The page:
What happens when you throw 5,000 pumpkins, 15 artists and 1,000 volunteers in a caldron around Halloween?
You get a can’t-believe-your-eyes event called Blaze. Actually it’s called The Great Jack O’Lantern Blaze.
Located in Croton-on-the-Hudson, N.Y., on the grounds of the Van Cortlandt Manor estate, Blaze, as it’s known to locals, runs for 22 days in October and November. The estate is usually a dignified place where costumed guides demonstrate domestic life of a patriot family after the American Revolution.
However when October arrives, the estate becomes the backdrop for some ghoulish and spine-tingling creations. These art installations are actually beautiful, spooky, funny and awe-inspiring. Some 80,000 people are expected to roam the Van Cortlandt Manor grounds after sunset this year. (Blaze is open from 6:30 to 10 p.m.)
Imagine hand-carved, illuminated pumpkins-some suspended from trees, some assembled to form giant dinosaurs and giraffes and long slithering snakes, others configured as spider webs and even jack-in-the-boxes with pumpkin heads that rise and fall. This is, of course, a graveyard with tombstone-shaped pumpkins and skeletal hands emerging from the earth. One area has a museum-like display of pumpkins with intricate Celtic symbols. There are cats, bats and witches tending a caldron. All this is further enhanced by an eerie soundtrack.
My personal favorite is the huge grandfather’s clock with a pumpkin pendulum and the prophesy “The End is Near” carved on it. Even the clock’s placement near the end of the event was brilliant.
Blaze is in its eighth year, under the guidance of Van Cortlandt Manor creative director Michael Natiello. Some 1,000 volunteers back up the artistic team to pull the event together.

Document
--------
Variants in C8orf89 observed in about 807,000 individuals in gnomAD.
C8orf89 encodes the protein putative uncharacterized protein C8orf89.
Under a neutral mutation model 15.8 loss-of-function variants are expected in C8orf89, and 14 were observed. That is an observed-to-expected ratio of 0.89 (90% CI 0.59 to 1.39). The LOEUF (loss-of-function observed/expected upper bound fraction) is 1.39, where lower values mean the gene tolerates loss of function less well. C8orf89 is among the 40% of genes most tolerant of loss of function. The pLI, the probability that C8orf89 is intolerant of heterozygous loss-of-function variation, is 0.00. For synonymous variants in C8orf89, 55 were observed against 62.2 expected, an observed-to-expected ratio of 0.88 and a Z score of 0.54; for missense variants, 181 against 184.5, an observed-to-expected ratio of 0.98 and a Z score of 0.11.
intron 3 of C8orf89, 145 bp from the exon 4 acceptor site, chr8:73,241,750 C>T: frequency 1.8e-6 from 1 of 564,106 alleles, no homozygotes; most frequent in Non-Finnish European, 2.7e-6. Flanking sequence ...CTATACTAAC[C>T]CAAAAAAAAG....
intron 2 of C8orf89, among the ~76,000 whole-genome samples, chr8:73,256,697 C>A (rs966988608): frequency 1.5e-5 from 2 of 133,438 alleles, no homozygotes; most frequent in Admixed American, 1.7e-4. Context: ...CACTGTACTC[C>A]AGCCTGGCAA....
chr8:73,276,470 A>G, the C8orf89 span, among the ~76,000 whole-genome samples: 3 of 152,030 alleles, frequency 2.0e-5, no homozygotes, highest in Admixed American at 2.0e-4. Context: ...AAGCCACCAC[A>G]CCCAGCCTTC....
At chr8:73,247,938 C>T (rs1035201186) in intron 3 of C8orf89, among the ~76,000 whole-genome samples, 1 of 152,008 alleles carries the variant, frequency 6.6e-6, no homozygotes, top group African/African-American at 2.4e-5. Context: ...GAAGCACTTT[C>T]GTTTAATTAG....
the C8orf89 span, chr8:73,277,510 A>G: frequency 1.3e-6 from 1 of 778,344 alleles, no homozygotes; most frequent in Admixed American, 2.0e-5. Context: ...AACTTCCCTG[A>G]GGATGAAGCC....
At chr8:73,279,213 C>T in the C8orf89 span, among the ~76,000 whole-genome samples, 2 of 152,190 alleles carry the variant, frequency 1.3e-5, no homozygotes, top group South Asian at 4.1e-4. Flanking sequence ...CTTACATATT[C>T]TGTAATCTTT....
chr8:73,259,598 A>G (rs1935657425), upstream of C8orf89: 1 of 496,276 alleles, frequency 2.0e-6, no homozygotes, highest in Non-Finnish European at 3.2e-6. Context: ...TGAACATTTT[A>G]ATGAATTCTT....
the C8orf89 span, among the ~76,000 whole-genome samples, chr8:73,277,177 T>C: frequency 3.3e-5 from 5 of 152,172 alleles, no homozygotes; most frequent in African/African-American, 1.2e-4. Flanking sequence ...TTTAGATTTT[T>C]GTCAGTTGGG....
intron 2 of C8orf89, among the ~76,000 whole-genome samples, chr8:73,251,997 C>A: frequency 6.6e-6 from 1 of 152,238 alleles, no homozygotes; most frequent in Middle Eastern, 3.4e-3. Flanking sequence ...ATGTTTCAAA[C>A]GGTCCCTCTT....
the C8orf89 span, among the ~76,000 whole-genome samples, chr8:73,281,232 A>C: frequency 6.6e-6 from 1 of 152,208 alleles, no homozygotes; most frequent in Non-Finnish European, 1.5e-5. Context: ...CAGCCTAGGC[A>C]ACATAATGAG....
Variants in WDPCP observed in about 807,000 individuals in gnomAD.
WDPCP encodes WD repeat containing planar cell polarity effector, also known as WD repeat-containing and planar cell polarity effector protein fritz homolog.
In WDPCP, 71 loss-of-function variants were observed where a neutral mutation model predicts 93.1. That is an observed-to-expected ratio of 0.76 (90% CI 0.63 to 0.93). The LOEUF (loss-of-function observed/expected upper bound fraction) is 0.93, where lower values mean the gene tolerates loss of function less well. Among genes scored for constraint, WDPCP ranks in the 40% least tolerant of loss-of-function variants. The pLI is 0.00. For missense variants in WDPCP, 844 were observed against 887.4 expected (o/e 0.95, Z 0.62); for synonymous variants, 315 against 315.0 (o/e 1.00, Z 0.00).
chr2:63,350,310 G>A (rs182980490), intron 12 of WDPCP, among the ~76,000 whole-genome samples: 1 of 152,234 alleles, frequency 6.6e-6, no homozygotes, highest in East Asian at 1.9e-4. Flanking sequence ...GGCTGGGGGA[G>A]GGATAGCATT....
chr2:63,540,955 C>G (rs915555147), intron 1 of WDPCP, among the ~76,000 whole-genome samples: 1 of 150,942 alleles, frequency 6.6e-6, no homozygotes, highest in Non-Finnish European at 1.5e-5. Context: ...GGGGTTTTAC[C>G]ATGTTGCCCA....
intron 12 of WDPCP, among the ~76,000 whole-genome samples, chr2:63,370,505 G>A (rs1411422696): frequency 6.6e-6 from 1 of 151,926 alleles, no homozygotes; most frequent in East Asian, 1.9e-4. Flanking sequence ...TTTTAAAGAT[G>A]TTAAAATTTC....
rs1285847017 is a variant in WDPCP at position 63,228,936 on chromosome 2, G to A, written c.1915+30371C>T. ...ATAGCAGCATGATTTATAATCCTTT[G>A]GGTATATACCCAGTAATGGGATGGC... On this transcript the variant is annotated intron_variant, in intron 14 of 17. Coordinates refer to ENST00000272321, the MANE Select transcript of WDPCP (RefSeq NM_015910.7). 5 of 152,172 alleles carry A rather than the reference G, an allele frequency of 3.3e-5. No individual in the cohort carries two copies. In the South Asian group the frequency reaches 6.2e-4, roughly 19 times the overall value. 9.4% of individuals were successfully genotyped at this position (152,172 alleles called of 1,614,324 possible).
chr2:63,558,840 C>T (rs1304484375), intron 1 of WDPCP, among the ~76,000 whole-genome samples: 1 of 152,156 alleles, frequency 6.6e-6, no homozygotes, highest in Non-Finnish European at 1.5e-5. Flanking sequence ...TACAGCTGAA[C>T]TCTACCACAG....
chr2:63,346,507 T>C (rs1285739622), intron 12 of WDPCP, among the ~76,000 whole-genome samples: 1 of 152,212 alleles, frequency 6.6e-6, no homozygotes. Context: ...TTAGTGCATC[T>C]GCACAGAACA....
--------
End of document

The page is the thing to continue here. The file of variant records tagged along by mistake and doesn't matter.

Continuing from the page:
Rob Schweitzer, director of public relations for Historic Hudson Valley, explained the origins of Blaze, noting that nearby Sleepy Hollow, N.Y. (of Headless Horseman fame) considers itself “the birthplace of American Halloween.” Area officials were seeking a family-friendly event that was slightly spooky but also artistic and the idea for Blaze was born. The first year some 2,500 pumpkins were carved and each year it has grown in size and complexity.
Tickets for The Great Jack O’Lantern Blaze range from $12-20; and be forewarned that many nights sell out weeks in advance. And if it’s too late to plan a visit to Sleepy Hollow and Croton-on-the-Hudson for this year, begin making plans to visit in 2013.
In addition to Blaze, nearby (15 minutes away) at Philipsburg Manor in Sleepy Hollow, N.Y., a dramatic retelling of Washington Irving’s The Legend of Sleepy Hollow is performed throughout October as well as Horseman’s Hollow, which is described as “Taking the tale of The Legend of Sleepy Hollow to its darkest extremes” as visitors walk down a haunted trail and encounter “scary scenes of a town driven mad by the Headless Horsemen.”
For more information on The Great Jack O’Lantern Blaze and other Halloween events in the Hudson Valley, visit http://www.hudsonvalley.org or call (914) 631-8200.